Some sun protection comes at a steep price for the ocean’s coral reefs. Now, a Florida state senator wants to ban some sunscreens that entirely harm ocean life.
Sen. Linda Stewart’s bill would require a prescription to make use of sunscreens with oxybenzone and octinoxate, two chemical compounds present in most sunscreens that successfully shield against UV radiation; however, researchers suggest, can also trigger coral bleaching and eventually kill reefs.
Under the bill, their sale can be banned without a prescription.”Reef-safe” sunscreens that leave out those ingredients instead of others, like FDA-approved zinc oxide, would take their place on retailer cabinets.
Stewart instructed CNN she created her bill after similar ones passed in Key West and Hawaii. These banned the sale of all sunscreens with the two chemical substances to guard close by reefs, vital to the islands’ tourism economy and marine biodiversity. The measures will not go into impact until January 2021.
If reefs continue to die, global coastlines will take a severe hit. Coral reefs are natural protection for coastlines, and they are absorbing 97% of a wave’s energy to prevent erosion and potential property damage from storms, according to the National Oceanic and Atmospheric Administration. They’re also home to 25% of all marine life, serving as tropical rainforests that shield the ocean’s biodiversity.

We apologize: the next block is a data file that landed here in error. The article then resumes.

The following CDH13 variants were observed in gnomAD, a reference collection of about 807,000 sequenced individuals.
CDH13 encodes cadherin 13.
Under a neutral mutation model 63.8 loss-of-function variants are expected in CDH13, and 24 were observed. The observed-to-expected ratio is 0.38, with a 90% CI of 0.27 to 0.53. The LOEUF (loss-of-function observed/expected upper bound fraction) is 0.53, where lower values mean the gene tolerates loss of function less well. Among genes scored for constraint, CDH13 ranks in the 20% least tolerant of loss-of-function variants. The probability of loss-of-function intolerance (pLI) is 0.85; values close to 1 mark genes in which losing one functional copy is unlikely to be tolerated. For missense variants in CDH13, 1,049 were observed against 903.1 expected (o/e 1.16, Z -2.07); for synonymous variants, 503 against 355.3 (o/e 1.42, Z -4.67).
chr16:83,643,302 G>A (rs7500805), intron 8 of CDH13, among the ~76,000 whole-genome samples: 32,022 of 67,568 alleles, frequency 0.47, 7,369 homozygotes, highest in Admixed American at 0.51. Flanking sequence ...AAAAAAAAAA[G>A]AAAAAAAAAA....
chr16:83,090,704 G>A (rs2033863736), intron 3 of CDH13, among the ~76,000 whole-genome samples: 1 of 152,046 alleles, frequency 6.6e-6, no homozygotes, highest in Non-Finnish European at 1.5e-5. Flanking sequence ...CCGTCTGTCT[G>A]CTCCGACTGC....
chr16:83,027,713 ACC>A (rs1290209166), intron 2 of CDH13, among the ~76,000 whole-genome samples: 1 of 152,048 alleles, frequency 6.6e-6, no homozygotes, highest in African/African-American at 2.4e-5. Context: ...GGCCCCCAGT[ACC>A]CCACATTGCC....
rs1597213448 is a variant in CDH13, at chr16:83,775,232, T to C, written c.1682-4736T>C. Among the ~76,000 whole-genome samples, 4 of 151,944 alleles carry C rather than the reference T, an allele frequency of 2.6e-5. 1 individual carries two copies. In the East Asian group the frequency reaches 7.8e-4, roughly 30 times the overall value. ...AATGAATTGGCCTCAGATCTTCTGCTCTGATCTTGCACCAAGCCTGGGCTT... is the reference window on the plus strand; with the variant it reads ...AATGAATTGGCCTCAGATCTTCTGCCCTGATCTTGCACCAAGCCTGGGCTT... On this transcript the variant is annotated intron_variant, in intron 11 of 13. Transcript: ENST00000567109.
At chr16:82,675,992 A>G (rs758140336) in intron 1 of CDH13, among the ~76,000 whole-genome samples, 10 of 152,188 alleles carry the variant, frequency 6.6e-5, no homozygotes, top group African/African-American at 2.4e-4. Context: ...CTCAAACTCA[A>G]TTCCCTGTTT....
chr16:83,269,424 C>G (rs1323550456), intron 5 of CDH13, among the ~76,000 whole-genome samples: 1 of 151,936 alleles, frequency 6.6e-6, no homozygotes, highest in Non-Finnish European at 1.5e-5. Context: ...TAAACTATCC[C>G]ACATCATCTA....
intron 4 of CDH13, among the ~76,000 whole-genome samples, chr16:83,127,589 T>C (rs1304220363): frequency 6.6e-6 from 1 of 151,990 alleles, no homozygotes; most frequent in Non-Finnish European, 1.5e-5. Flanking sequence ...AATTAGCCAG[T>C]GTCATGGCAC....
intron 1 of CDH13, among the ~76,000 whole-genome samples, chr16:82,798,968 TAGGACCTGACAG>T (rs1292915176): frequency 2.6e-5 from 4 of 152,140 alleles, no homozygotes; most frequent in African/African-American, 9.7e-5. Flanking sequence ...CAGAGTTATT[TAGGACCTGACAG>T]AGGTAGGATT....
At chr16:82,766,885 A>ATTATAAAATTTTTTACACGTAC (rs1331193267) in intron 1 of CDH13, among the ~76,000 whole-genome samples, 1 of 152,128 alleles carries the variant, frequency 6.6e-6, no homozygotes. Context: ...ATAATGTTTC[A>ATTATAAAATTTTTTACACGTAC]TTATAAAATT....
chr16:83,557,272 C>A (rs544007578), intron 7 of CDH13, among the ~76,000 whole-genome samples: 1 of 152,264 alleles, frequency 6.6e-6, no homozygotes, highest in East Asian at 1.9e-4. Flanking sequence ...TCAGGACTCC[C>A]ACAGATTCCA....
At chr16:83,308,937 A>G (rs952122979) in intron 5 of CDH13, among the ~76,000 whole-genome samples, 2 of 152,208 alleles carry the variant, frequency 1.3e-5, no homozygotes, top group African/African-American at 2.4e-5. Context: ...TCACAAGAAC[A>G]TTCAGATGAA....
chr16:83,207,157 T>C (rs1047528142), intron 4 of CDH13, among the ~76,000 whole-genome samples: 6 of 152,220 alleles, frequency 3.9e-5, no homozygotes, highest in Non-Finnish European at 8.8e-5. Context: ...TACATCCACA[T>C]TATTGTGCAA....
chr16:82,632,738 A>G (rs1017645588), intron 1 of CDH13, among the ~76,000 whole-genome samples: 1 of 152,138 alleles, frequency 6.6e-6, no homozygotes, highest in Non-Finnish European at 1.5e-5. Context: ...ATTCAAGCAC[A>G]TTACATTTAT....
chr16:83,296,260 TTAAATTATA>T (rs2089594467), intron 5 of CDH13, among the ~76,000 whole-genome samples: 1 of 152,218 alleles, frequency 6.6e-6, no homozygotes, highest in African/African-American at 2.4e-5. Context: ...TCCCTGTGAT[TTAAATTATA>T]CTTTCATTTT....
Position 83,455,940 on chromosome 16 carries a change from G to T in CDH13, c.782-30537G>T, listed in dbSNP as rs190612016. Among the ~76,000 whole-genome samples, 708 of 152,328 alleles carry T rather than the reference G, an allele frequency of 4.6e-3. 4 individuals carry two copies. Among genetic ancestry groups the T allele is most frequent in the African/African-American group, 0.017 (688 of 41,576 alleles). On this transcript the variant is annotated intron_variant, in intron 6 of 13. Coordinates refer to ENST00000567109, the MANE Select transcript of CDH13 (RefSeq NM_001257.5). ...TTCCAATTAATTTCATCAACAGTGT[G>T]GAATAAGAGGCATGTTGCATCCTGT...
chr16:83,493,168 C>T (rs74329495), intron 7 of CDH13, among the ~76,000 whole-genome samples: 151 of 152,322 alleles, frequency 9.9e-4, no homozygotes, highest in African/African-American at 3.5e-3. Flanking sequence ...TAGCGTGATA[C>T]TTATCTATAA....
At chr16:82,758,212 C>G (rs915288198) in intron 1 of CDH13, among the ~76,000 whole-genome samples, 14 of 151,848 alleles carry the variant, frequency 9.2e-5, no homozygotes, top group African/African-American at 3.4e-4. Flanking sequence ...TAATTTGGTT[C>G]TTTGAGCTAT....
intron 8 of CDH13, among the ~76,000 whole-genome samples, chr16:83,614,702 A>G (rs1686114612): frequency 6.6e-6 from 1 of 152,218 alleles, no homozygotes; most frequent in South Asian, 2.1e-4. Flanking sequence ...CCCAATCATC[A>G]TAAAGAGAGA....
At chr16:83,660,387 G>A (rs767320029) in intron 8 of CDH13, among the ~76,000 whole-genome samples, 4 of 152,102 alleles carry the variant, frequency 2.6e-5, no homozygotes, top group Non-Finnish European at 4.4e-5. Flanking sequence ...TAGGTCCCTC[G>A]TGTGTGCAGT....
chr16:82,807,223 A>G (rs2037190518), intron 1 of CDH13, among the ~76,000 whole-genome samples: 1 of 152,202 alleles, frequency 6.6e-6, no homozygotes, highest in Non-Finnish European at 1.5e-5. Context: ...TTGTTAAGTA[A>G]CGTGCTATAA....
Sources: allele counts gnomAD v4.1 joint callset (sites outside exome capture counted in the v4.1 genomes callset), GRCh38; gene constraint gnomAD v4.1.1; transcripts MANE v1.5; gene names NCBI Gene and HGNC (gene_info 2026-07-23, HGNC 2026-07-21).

However, they’re beneath fixed attack, and chemicals in sunscreen are hard for corals. Changing ocean temperatures and air pollution has killed almost 30% of the world’s reefs, inflicting heat stress and mass bleaching occasions, in response to NOAA.
For most excellent sun safety practices, NOAA recommends choosing “reef-secure” sunscreens and, higher but, masking up. Staying beneath an umbrella, carrying UV sunshades and long-sleeve shirts and leggings protects skin even better than sunscreen does, the agency said.